Silent Assassins (1988) is typical of the VHS action landfill of the late 80s. Cashing in at the tail end of the ninja boom, it seemingly pits the titular killers against Sam Jones (Flash Gordon), Linda Blair and Jun Chung (whom Bruceploitation fans may recognise as Bruce K.L. Lea – the Korean Bruce clone from Bruce Lee Fights Back From The Grave (which also boasts the same director as Silent Assassins)). Sounds like a guaranteed recipe for some meaty mayhem but, sadly, Silent Assassins is all sizzle, no steak…
Sam Jones plays Sam Kettle; some kind of cop, although quite what his job or rank might be bears little resemblance to anything in reality. He rates as one of the dumbest and most disagreeable “action heroes” I can remember. The film opens with a bust that he completely messes up. It takes place in a deserted harbour at night. He chases the bad guys – led by “Kendrick” (Gustav Vintas, a deadringer for 2014 Peter Weller) but gets distracted by a woman with a baby who just happens to be sitting there calmly, alone in the dark on the edge of the harbour amidst a bunch of gunfire. One of the bad guys throws the baby into the water so Sam jumps in to rescue it and is ACTUALLY SURPRISED when the baby turns out to be a doll and the woman, laughing, escapes with the baddies on a motorboat. I mean, really… You don’t have to be Admiral Ackbar to have seen this trap coming. But then, Sam Kettle is not the sharpest katana on the rack.
Sam decides to quit his job after such a colossal failure but the Captain talks him back when Kendrick kidnaps a prominent bio-chemist and the niece of a local Korean artist. The kidnapping scene is quite gory and dramatic, with Kendrick and a squad of ninjas hacking people to bits with hatchets en route to their intended victims, but things go rapidly downhill once Sam’s on the case. The Korean artist, Kim (Jun Chong), stows away in the back of Sam’s jeep because he wants his niece back and the two of them become an unlikely buddy team, despite a total lack of chemistry between the actors.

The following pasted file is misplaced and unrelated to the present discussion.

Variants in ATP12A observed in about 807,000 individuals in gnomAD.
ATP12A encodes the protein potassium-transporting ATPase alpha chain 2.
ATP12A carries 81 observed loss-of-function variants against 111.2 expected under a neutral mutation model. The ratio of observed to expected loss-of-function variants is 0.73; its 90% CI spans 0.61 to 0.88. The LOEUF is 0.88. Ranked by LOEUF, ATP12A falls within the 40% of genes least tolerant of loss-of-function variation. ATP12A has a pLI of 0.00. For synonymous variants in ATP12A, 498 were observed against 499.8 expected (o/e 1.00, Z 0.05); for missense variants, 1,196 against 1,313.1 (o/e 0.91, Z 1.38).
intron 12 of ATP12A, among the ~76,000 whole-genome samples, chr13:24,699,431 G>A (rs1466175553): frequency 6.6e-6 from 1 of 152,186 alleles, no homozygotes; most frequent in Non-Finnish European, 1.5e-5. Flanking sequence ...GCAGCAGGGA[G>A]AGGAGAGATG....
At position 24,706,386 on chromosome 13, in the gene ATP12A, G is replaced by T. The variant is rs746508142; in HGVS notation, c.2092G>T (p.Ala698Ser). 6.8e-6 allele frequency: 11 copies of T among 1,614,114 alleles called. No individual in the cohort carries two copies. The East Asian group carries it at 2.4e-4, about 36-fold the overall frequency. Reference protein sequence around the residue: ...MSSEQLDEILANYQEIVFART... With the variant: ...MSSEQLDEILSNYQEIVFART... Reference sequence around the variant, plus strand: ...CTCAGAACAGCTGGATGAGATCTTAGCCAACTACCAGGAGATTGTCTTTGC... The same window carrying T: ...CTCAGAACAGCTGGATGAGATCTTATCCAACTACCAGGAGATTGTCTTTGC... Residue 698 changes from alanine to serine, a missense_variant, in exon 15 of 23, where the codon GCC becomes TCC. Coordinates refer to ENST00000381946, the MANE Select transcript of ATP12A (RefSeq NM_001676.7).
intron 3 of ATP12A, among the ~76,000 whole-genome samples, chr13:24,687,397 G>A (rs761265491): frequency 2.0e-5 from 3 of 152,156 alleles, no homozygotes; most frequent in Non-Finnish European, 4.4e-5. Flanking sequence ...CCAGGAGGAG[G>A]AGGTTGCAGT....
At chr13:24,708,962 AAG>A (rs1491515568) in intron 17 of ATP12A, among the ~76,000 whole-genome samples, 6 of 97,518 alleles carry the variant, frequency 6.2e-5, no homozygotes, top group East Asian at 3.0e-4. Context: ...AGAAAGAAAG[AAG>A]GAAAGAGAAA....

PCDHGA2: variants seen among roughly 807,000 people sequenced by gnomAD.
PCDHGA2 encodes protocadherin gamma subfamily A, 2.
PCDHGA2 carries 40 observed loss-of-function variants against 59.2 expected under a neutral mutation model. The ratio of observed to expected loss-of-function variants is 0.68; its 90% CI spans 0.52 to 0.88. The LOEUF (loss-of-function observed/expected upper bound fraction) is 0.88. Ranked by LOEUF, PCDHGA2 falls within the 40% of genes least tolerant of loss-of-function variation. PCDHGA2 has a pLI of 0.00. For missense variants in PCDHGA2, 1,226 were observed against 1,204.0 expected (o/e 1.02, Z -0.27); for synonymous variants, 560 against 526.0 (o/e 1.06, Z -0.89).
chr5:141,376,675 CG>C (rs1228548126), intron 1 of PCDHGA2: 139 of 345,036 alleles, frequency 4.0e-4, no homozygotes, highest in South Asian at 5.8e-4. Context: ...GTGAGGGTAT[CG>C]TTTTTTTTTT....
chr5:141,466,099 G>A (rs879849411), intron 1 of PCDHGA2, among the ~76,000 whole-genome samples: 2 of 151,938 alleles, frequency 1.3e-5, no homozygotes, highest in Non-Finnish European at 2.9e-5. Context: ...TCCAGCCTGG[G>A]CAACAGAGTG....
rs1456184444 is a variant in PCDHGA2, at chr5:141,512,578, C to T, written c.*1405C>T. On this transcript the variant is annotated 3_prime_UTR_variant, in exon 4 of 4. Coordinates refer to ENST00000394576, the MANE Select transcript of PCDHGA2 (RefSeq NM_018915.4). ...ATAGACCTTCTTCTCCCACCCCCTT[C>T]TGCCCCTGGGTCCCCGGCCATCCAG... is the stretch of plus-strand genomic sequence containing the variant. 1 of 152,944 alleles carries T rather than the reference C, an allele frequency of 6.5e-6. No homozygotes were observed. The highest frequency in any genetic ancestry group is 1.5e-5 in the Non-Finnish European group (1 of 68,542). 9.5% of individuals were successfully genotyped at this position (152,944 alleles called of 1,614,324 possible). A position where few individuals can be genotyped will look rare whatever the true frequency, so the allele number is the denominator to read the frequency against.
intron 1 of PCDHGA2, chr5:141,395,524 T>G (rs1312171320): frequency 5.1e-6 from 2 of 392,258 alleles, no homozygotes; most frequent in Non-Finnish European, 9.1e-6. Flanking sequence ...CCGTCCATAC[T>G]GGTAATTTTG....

What they eventually unravel is a conspiracy to steal a secret formula that can build a doomsday weapon (this is, after all, the 80s – you couldn’t move for doomsday weapons). Kendrick is the mastermind, assisted by super-sexy bio-chemist Miss Amy (Playboy model Rebecca Ferratti) who swishes around some sixty tons of amazing hair while spouting intricate chemical formulae. They’ve kidnapped the famous Dr London (Bill Erwin) because he’s been working on the weapon and knows its secrets. It’s not entirely clear where or how ninjas fit into this. I think they’re just goobers for hire.
Sadly, the shadow army take a very minor role here. As well as their limited screen time and lack of coherent narrative reason to be there, they barely even look like ninjas. They’re just dudes in balaclavas. One of them even wears a beret. A BERET. Ugh. But then, the costumes throughout the movie feel like the director just said “show up in whatever you like” and the cast, afraid they might get their nicer clothes ruined, showed up in whatever cheap crap they had lying at the back of their closets…
Still, who can afford costumes? 99% of the film’s budget gets blown on pyro in the last ten minutes, if you’re still awake to see it. There are some nicely choreographed fights with brutal swordplay, hatchets flying everywhere and a fair amount of arterial spray before Sam pulls a bazooka from out of nowhere and everything goes bang. Everything. There’s a cracking man-on-fire stunt and the whole thing climaxes with Sam blowing up a helicopter and screaming “GOOOOOODNIGHT, BABY!” to the sky (not the best or most relevant one-liner). But, if I’m honest, even this isn’t worth sitting through the rest for.
It’s quite dull to look at with very static photography and little in the way of style (with the exception of Rebecca Ferratti who brings her own first class style wherever she goes). The dialogue is horrific and feels at least partially improvised. Sam Jones shout-delivers all his lines like a maniac – which makes his “friendly banter” sound threatening and weird – and, worst of all, Linda Blair is not used at all. Although she features heavily on the cover (and has proved a formidable action lead in the likes of Savage Streets and Night Force) she is relegated to the role of Sam’s girlfriend. All she does is sit around and mope about how he needs to quit his job while Sam cruelly teases her and tickles her and generally demeans her. She doesn’t even appear in the final third of the movie. It’s heartbreaking. I can only imagine what a much better film this would’ve been if they’d just ditched half the male characters and made it all about Linda Blair going up against Rebecca Ferratti and a squad of ninjas. Now THAT I’d like to see.